"Jingle ... Jangle"
One characteristic that set Chianapio, the Chief of Ghiana apart from every other Ghanaian I met in the Northern Territories was his practice of wearing a heavy brass bracelet around his left ankle, with a tinkling little brass bell affixed to it. You always knew when Chianapio was near for you could hear the distinctive "Jingle Jangle, Jingle Jangle" as he walked.
Fascinated, I inspected the anklet and was surprised to find that it could not be removed without cutting it with a hacksaw or cutting his foot off. The chief was a large man, almost as big as Pagapio, though one thired his age and very strong. I loved to film him with my old Kodak 8mm camera, almost as much as he loved to watch himself on our home movie screen when the reels had been developed and returned.
Years later, I happened to be in the dark lobby of a second rate downtown hotel in Addis Abeba, waiting for a missionary to arrive for an appointed interview. Otherwise, I would never have been in this particular shabby hotel at any time. As I sat in an old over-stuffed chair in the dim light trying to keep from dozing off, I suddenly became aware of a distinctive "Jingle Jangle ... Jingle Jangle" approaching me along the lengthy narrow hallway. I experienced a sudden revelation - a flash signal exploded in my brain - instantly, I knew there could only be one person in the world who made that distinctive "Jingle Jangle' when they walked.
I leapt from the chair and rushed down the hall screaming "Chianapio, Chianapio," long before I saw him.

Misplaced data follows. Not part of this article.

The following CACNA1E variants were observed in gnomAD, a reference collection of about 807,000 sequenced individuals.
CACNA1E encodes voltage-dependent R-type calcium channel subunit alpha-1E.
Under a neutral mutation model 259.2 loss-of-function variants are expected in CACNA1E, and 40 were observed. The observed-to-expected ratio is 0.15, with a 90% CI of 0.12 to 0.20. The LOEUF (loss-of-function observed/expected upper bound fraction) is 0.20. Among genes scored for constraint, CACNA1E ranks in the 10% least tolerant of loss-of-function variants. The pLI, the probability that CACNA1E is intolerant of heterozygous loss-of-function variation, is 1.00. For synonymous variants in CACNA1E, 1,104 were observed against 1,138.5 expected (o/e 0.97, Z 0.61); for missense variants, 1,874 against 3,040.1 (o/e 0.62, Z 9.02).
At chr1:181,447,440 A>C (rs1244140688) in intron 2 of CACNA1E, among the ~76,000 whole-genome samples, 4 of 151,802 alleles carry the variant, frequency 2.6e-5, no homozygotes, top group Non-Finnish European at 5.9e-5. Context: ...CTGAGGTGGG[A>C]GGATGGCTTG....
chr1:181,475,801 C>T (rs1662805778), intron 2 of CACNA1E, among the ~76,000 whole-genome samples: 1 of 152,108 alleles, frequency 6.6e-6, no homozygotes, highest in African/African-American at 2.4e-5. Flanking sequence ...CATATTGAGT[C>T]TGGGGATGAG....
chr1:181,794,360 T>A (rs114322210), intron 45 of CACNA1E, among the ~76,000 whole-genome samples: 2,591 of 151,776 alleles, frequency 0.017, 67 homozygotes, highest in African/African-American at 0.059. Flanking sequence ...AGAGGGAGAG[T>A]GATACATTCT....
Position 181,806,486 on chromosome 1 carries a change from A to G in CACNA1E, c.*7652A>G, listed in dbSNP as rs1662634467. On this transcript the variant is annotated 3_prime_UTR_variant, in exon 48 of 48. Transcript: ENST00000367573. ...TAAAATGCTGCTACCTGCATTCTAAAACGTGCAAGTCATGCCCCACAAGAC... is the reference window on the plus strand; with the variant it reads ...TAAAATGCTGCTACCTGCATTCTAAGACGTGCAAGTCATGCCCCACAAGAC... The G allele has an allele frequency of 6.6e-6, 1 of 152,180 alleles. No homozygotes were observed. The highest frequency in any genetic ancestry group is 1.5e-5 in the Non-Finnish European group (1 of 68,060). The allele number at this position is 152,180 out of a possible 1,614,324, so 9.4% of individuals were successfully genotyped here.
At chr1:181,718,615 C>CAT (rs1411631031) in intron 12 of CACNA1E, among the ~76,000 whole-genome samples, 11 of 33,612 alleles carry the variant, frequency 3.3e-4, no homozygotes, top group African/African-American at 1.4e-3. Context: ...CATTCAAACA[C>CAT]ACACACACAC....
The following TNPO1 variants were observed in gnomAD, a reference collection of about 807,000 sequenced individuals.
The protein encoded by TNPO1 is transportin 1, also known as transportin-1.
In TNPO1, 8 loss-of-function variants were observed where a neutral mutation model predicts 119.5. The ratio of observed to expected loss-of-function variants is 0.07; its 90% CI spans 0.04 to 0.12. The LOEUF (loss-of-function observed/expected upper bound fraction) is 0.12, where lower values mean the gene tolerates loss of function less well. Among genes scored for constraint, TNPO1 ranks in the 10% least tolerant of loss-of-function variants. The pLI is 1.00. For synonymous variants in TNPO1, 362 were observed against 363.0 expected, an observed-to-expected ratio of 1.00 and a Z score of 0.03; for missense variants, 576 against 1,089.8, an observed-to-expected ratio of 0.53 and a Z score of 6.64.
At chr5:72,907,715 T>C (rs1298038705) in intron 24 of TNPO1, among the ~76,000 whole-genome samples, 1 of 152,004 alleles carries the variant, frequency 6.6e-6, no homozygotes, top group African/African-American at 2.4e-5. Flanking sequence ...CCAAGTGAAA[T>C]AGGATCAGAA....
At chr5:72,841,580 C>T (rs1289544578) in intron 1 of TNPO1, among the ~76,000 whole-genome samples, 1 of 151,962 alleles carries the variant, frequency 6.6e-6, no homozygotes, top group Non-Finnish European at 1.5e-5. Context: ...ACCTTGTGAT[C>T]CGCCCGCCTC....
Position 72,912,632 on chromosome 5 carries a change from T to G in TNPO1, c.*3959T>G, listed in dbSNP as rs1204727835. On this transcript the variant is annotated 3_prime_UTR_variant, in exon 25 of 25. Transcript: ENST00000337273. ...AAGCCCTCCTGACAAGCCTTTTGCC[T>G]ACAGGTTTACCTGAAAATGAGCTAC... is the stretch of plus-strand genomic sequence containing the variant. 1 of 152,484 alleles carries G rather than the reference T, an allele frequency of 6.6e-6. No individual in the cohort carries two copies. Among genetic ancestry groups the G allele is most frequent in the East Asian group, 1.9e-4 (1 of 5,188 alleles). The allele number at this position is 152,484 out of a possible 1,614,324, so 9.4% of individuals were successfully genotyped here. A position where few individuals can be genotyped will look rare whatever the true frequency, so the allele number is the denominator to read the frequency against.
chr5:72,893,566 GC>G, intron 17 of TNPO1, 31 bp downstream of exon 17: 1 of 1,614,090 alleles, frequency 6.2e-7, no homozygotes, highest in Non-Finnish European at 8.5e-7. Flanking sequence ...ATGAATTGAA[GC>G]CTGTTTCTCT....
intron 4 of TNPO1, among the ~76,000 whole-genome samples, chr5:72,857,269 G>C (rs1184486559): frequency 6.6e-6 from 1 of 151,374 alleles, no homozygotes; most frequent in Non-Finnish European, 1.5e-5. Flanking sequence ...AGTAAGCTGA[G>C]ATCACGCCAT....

The young chief, now twenty years older and no longer a disappointed student, was shocked in disbelief, but recognized me at once. He embraced me in a hugh bear hug with tears streaming down his face.
"Mr. Gibson ... Mr. Gibson ...Mr, Gibson ... What are you? ... How did you? ... Why? ... Where? ... Oh, my God!"
When we both finally settled down, we learned what each other was doing there. It came as a shock to me to learn that Chianapio was a Moslem. During the three years I had lived in Navrogo, he had never mentioned, nor had I ever inquired, what his religious beliefs were. But now, twenty years later in Ethiopia, I learned.
"I have prospered since your departure from Ghana, as has all of my village," he said. "Your American sorghum yielded great surpluses for all of us. Every field in Chiana has been contoured and the fertility of our lands continues to improve. Our dam, which you built, has solved our annual water shortage. I felt it was time to make my HADJ to Mecca and thank Allah God for His goodness."
"But what brought you to Addis Abebe?" I inquired.
"The only return flight I could get was to here where I spent the night. This was the only hotel with enough available rooms for our group. This afternoon I fly to Lagos and from there to Accra. It is only by the will of God that both you and I were in this small hotel at the same time and that you remembered my leg bracelet."